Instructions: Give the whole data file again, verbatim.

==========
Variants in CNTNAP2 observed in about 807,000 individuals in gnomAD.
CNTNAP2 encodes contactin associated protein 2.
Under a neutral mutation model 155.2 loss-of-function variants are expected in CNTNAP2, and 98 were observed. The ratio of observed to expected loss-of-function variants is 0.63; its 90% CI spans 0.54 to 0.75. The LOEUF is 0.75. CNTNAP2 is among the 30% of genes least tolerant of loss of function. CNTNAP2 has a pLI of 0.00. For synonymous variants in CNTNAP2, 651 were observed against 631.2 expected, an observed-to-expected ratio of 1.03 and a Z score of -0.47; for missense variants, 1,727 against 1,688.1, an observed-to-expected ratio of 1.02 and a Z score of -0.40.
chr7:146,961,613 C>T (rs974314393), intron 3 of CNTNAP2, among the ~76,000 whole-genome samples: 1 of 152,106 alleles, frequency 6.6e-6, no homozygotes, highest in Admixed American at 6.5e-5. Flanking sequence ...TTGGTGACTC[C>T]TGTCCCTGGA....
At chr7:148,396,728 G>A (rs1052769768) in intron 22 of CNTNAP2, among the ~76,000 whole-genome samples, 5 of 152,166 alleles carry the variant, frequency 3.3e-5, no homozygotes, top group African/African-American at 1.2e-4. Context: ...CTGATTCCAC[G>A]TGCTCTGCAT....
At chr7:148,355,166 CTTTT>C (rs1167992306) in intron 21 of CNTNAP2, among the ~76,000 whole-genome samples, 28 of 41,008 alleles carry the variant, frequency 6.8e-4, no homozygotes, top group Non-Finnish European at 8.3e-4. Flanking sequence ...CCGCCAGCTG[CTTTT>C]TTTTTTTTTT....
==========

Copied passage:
Variants in CNTNAP2 observed in about 807,000 individuals in gnomAD.
CNTNAP2 encodes contactin associated protein 2.
Under a neutral mutation model 155.2 loss-of-function variants are expected in CNTNAP2, and 98 were observed. The ratio of observed to expected loss-of-function variants is 0.63; its 90% CI spans 0.54 to 0.75. The LOEUF is 0.75. CNTNAP2 is among the 30% of genes least tolerant of loss of function. CNTNAP2 has a pLI of 0.00. For synonymous variants in CNTNAP2, 651 were observed against 631.2 expected, an observed-to-expected ratio of 1.03 and a Z score of -0.47; for missense variants, 1,727 against 1,688.1, an observed-to-expected ratio of 1.02 and a Z score of -0.40.
chr7:146,961,613 C>T (rs974314393), intron 3 of CNTNAP2, among the ~76,000 whole-genome samples: 1 of 152,106 alleles, frequency 6.6e-6, no homozygotes, highest in Admixed American at 6.5e-5. Flanking sequence ...TTGGTGACTC[C>T]TGTCCCTGGA....
At chr7:148,396,728 G>A (rs1052769768) in intron 22 of CNTNAP2, among the ~76,000 whole-genome samples, 5 of 152,166 alleles carry the variant, frequency 3.3e-5, no homozygotes, top group African/African-American at 1.2e-4. Context: ...CTGATTCCAC[G>A]TGCTCTGCAT....
At chr7:148,355,166 CTTTT>C (rs1167992306) in intron 21 of CNTNAP2, among the ~76,000 whole-genome samples, 28 of 41,008 alleles carry the variant, frequency 6.8e-4, no homozygotes, top group Non-Finnish European at 8.3e-4. Flanking sequence ...CCGCCAGCTG[CTTTT>C]TTTTTTTTTT....